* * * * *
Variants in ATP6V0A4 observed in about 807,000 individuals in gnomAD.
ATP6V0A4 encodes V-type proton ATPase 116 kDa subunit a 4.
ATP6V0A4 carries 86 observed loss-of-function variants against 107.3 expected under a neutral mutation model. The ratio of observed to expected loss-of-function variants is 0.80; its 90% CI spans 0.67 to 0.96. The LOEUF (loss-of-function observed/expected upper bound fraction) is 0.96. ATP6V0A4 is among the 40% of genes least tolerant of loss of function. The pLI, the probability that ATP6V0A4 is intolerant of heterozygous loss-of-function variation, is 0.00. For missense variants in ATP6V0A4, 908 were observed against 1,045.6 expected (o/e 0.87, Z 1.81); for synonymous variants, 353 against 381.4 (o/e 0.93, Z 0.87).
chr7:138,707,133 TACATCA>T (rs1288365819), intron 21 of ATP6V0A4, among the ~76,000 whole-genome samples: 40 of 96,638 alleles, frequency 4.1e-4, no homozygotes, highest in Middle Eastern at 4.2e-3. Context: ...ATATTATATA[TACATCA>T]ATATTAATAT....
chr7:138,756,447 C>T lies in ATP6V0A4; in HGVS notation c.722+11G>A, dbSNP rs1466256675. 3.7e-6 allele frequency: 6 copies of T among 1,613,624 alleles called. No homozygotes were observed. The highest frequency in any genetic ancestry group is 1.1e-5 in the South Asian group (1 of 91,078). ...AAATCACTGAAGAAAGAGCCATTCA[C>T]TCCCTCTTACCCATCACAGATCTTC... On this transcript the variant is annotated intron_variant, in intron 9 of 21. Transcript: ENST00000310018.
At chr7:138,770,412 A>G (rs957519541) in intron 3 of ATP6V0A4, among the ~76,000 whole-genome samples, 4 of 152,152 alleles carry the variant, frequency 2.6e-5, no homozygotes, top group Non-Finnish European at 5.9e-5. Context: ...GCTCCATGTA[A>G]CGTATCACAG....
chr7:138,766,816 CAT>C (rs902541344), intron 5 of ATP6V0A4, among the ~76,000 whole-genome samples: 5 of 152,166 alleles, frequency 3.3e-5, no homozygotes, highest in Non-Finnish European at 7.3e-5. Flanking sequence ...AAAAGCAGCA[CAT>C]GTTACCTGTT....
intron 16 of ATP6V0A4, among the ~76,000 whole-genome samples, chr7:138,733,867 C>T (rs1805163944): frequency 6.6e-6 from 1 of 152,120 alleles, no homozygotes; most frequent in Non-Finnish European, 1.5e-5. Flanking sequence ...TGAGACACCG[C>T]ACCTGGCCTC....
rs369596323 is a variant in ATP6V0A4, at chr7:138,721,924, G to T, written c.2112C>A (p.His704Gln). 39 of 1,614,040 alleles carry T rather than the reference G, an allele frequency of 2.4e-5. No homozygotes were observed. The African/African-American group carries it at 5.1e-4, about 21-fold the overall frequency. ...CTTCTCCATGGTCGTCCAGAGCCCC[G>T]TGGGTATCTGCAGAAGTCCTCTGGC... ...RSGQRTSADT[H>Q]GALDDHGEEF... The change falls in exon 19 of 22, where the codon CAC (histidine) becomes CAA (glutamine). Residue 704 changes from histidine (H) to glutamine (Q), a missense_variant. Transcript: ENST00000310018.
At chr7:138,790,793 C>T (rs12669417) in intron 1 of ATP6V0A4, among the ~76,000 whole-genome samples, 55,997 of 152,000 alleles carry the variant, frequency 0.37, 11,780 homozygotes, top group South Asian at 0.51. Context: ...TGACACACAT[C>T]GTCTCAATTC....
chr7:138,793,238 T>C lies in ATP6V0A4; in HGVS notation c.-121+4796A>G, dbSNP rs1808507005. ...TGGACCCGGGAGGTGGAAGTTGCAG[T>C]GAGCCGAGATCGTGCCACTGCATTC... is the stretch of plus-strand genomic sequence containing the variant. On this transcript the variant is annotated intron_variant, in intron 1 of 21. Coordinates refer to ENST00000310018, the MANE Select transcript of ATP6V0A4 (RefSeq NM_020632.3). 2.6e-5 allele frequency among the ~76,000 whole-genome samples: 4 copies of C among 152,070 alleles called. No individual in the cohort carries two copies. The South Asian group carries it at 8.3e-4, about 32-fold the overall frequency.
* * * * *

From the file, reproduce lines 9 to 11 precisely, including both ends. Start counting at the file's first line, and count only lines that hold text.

rs369596323 is a variant in ATP6V0A4, at chr7:138,721,924, G to T, written c.2112C>A (p.His704Gln). 39 of 1,614,040 alleles carry T rather than the reference G, an allele frequency of 2.4e-5. No homozygotes were observed. The African/African-American group carries it at 5.1e-4, about 21-fold the overall frequency. ...CTTCTCCATGGTCGTCCAGAGCCCC[G>T]TGGGTATCTGCAGAAGTCCTCTGGC... ...RSGQRTSADT[H>Q]GALDDHGEEF... The change falls in exon 19 of 22, where the codon CAC (histidine) becomes CAA (glutamine). Residue 704 changes from histidine (H) to glutamine (Q), a missense_variant. Transcript: ENST00000310018.
At chr7:138,790,793 C>T (rs12669417) in intron 1 of ATP6V0A4, among the ~76,000 whole-genome samples, 55,997 of 152,000 alleles carry the variant, frequency 0.37, 11,780 homozygotes, top group South Asian at 0.51. Context: ...TGACACACAT[C>T]GTCTCAATTC....
chr7:138,793,238 T>C lies in ATP6V0A4; in HGVS notation c.-121+4796A>G, dbSNP rs1808507005. ...TGGACCCGGGAGGTGGAAGTTGCAG[T>C]GAGCCGAGATCGTGCCACTGCATTC... is the stretch of plus-strand genomic sequence containing the variant. On this transcript the variant is annotated intron_variant, in intron 1 of 21. Coordinates refer to ENST00000310018, the MANE Select transcript of ATP6V0A4 (RefSeq NM_020632.3). 2.6e-5 allele frequency among the ~76,000 whole-genome samples: 4 copies of C among 152,070 alleles called. No individual in the cohort carries two copies. The South Asian group carries it at 8.3e-4, about 32-fold the overall frequency.